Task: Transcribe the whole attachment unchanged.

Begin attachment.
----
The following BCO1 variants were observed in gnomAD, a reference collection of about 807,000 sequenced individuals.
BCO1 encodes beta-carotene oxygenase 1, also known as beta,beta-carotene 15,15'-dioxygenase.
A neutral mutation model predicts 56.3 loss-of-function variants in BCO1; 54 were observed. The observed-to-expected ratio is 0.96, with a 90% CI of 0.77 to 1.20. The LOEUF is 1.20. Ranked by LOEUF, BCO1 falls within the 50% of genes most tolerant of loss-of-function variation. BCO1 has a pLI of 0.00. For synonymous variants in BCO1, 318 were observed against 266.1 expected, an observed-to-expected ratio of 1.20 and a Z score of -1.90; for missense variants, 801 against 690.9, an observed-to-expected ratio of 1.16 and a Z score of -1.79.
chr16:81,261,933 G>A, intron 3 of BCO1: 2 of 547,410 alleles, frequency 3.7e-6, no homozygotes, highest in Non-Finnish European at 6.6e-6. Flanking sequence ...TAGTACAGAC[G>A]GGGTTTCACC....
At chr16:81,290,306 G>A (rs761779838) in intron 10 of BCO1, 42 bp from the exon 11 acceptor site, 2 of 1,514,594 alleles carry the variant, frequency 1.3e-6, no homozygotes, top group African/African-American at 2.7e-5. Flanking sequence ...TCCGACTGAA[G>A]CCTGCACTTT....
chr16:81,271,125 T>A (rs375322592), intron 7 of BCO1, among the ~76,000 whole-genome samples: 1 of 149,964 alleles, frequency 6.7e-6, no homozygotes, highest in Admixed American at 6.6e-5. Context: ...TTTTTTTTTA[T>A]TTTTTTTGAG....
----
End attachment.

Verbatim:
The following BCO1 variants were observed in gnomAD, a reference collection of about 807,000 sequenced individuals.
BCO1 encodes beta-carotene oxygenase 1, also known as beta,beta-carotene 15,15'-dioxygenase.
A neutral mutation model predicts 56.3 loss-of-function variants in BCO1; 54 were observed. The observed-to-expected ratio is 0.96, with a 90% CI of 0.77 to 1.20. The LOEUF is 1.20. Ranked by LOEUF, BCO1 falls within the 50% of genes most tolerant of loss-of-function variation. BCO1 has a pLI of 0.00. For synonymous variants in BCO1, 318 were observed against 266.1 expected, an observed-to-expected ratio of 1.20 and a Z score of -1.90; for missense variants, 801 against 690.9, an observed-to-expected ratio of 1.16 and a Z score of -1.79.
chr16:81,261,933 G>A, intron 3 of BCO1: 2 of 547,410 alleles, frequency 3.7e-6, no homozygotes, highest in Non-Finnish European at 6.6e-6. Flanking sequence ...TAGTACAGAC[G>A]GGGTTTCACC....
At chr16:81,290,306 G>A (rs761779838) in intron 10 of BCO1, 42 bp from the exon 11 acceptor site, 2 of 1,514,594 alleles carry the variant, frequency 1.3e-6, no homozygotes, top group African/African-American at 2.7e-5. Flanking sequence ...TCCGACTGAA[G>A]CCTGCACTTT....
chr16:81,271,125 T>A (rs375322592), intron 7 of BCO1, among the ~76,000 whole-genome samples: 1 of 149,964 alleles, frequency 6.7e-6, no homozygotes, highest in Admixed American at 6.6e-5. Context: ...TTTTTTTTTA[T>A]TTTTTTTGAG....